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Conservationists attempt to salvage months of work
Dennis Anderson, Star Tribune
May 27, 2005 ANDY0527

In separate interviews Thursday, Gov. Tim Pawlenty said a bill dedicating a portion of the state sales tax to conservation should be passed during the Legislature's special session, and Rep. Tom Hackbarth, R-Cedar, will reintroduce such a measure in the coming days that House Speaker Steve Sviggum said he "absolutely" supports.

But Senate Majority Leader Dean Johnson, DFL-Willmar, continues to oppose a vote in the Senate on a sales tax dedication plan this year, saying it would be considered by the Senate with other amendment proposals in 2006. Johnson did, however, "guarantee" that a conservation amendment bill will be voted on in the full Senate next session.

"If we brought it to a vote this session, there would be no end" to amendments to the bill, Johnson said, from "health care to gay marriage."

The conflict between Pawlenty and many House Republicans on one side, and the Senate DFL leadership on the other, underscores one reason conservationists are frustrated as the Legislature begins its special session. They know if a proposal to dedicate a portion of the state sales tax to conservation were voted on in the House and Senate, the plan would be overwhelmingly approved. But they can't get the vote.

Still, conservationists are working overtime at the Legislature, attempting to salvage months of work that so far have produced less than had been hoped for.

Here's how things are shaping up:

• Constitutional dedication of funds for conservation: Neither the House nor the Senate passed the measure this year, though Sviggum, R-Kenyon, said Thursday a vote on Hackbarth's bill (which Sviggum will co-author) is likely in the special session.

Senate DFLers, including Sen. John Marty of Roseville and Johnson, have insisted throughout the session that constitutional amendment bills will be heard next session -- this even though in recent days the Senate (and the House) approved a constitutional amendment proposal in a transportation bill. That bill was vetoed by Pawlenty, but the amendment plan stands and will be on the ballot in 2006.

Pawlenty said the Senate's "excuse" not to vote on a constitutional amendment this session "was deflated" when it passed the transportation bill.

"The advantage of passing the conservation amendment now," Pawlenty said, "is it would give the Legislature time to write the enabling language, which would be helpful because the public could see how the money would be spent."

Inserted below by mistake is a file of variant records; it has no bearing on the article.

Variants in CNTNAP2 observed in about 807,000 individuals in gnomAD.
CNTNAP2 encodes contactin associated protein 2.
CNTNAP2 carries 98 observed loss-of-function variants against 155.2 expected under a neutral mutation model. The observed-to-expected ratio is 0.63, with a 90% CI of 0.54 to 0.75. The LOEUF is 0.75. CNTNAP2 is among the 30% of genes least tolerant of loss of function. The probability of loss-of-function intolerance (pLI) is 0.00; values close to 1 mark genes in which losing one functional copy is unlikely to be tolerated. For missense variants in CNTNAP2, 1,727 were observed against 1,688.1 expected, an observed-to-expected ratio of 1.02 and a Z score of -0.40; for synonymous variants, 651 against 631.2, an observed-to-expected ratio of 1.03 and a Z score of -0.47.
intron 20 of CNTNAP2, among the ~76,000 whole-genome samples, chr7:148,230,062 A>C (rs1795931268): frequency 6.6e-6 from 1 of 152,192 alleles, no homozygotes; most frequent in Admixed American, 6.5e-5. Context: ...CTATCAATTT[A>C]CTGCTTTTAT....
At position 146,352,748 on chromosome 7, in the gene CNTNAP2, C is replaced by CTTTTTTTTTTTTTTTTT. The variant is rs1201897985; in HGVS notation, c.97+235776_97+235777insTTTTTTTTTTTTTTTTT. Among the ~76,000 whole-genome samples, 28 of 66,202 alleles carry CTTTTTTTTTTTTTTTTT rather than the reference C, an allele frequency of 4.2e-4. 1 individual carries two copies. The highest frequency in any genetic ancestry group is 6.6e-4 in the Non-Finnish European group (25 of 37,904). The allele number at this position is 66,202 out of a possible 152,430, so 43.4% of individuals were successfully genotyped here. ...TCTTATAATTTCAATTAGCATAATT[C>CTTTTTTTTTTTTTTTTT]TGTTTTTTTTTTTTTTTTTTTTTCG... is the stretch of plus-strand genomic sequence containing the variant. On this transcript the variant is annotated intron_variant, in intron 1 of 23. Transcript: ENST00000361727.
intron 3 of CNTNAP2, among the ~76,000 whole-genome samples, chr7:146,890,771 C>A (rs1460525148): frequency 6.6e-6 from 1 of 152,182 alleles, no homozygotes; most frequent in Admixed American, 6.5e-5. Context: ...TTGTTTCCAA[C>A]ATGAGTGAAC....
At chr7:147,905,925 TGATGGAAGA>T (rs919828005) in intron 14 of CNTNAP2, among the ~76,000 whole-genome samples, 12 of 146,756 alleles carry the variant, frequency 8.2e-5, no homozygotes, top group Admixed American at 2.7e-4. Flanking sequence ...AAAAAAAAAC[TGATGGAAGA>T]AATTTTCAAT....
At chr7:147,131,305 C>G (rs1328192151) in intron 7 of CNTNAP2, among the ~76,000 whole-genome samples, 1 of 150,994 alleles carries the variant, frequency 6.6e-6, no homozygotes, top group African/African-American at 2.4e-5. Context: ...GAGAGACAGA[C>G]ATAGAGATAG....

Countered Johnson: "My commitment is that there will be a vote on [a sales tax dedication for conservation] in the Senate in 2006."

Upshot: Sviggum might get the dedicated-funds idea through the House in the special session. Johnson, true to his word, probably won't bring a similar bill to the Senate floor.

• Reform of the Legislative Commission on Minnesota Resources (LCMR): Pawlenty's plan to replace the 20 legislators who oversee more than $30 million in lottery money per biennium with a citizens commission passed the House, went nowhere in the Senate and is struggling in a conference committee.

Pawlenty: "We are getting a fair amount of push-back in conference, and there have been some informal compromise offers," he said. One would have a blend of legislators and citizens run the LCMR. "But that model may have constitutional issues," Pawlenty said.

Johnson, meanwhile, said the Senate feels the present LCMR makeup is good, and that changing it as Pawlenty wants would give the governor too much influence. Asked if he would support a plan in which the Legislature would propose a pool of citizens from which the governor could choose commission members, Johnson indicated the idea might have merit.

For his part, Sviggum said he supports the governor's LCMR model but acknowledged some legislators are cool to the idea.

Upshot: The governor will have to play hardball to get what he wants -- and something close to what he wants is necessary if Minnesota is to conserve its resources strategically and for the long term.

• Clean Water Legacy: Pawlenty: "I support it and will sign a reasonable compromise. It can be funded out of the general fund, or by a constitutional amendment bill."

Johnson: "The Senate passed a bill that included more than $30 million" for water cleanup.

Sviggum: "The Senate's bill has zero chance of passing." What will the House do? "I can't tell you. We need to agree on [spending] targets first. If I say anything before that, I'll just create expectations."

Upshot: The DFL bill that includes a tax increase to pay for cleaning up the state's impaired waters won't become law. But the DFL has the upper hand on this one, because the House hasn't acted. Sviggum and Pawlenty will have to find some money, because the federal government is demanding action. Possibility: a compromise that accommodates the dedicated sales tax idea, the LCMR revision and Clean Water Legacy. But don't count on it.

Dennis Anderson is at [email protected].


There it is Gentlmen--it is quite clear--tell Dean Johnson and your local Senator to quit playing politics with the envirnment! Write them ASAP as the individual sportsmen all across MN working together can make changes. Please act now!
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